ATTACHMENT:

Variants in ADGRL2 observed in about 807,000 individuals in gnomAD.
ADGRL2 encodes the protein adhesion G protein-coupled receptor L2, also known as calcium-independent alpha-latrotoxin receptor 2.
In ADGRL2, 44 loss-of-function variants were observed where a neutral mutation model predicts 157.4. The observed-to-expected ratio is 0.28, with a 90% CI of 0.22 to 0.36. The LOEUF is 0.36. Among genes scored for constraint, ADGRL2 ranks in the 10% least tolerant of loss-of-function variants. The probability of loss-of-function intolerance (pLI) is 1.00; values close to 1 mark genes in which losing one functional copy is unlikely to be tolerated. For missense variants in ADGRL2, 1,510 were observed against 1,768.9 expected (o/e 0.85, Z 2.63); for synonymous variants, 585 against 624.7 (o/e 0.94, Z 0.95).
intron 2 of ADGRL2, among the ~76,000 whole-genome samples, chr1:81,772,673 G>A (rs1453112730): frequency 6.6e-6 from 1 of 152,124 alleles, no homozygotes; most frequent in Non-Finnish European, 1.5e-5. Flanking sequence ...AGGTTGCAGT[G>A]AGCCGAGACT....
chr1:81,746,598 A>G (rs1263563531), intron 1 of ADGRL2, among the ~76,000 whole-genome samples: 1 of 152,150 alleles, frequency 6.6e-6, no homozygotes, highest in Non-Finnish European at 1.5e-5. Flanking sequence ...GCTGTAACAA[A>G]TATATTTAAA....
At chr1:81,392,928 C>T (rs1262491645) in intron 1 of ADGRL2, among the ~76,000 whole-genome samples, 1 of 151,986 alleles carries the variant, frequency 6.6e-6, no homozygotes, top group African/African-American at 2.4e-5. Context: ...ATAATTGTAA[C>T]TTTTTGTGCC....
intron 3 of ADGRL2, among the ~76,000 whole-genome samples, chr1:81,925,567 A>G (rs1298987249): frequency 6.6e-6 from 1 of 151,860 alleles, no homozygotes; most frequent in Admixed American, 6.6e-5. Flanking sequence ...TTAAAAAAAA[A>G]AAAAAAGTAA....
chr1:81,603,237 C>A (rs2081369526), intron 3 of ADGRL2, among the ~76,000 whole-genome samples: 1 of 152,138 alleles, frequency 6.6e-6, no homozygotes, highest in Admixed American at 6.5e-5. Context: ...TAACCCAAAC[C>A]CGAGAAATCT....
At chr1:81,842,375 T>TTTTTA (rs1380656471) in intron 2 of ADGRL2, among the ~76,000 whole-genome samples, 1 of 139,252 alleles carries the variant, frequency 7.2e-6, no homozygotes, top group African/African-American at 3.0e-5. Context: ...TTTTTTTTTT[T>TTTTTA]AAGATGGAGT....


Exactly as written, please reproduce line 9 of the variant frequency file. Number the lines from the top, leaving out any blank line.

At chr1:81,842,375 T>TTTTTA (rs1380656471) in intron 2 of ADGRL2, among the ~76,000 whole-genome samples, 1 of 139,252 alleles carries the variant, frequency 7.2e-6, no homozygotes, top group African/African-American at 3.0e-5. Context: ...TTTTTTTTTT[T>TTTTTA]AAGATGGAGT....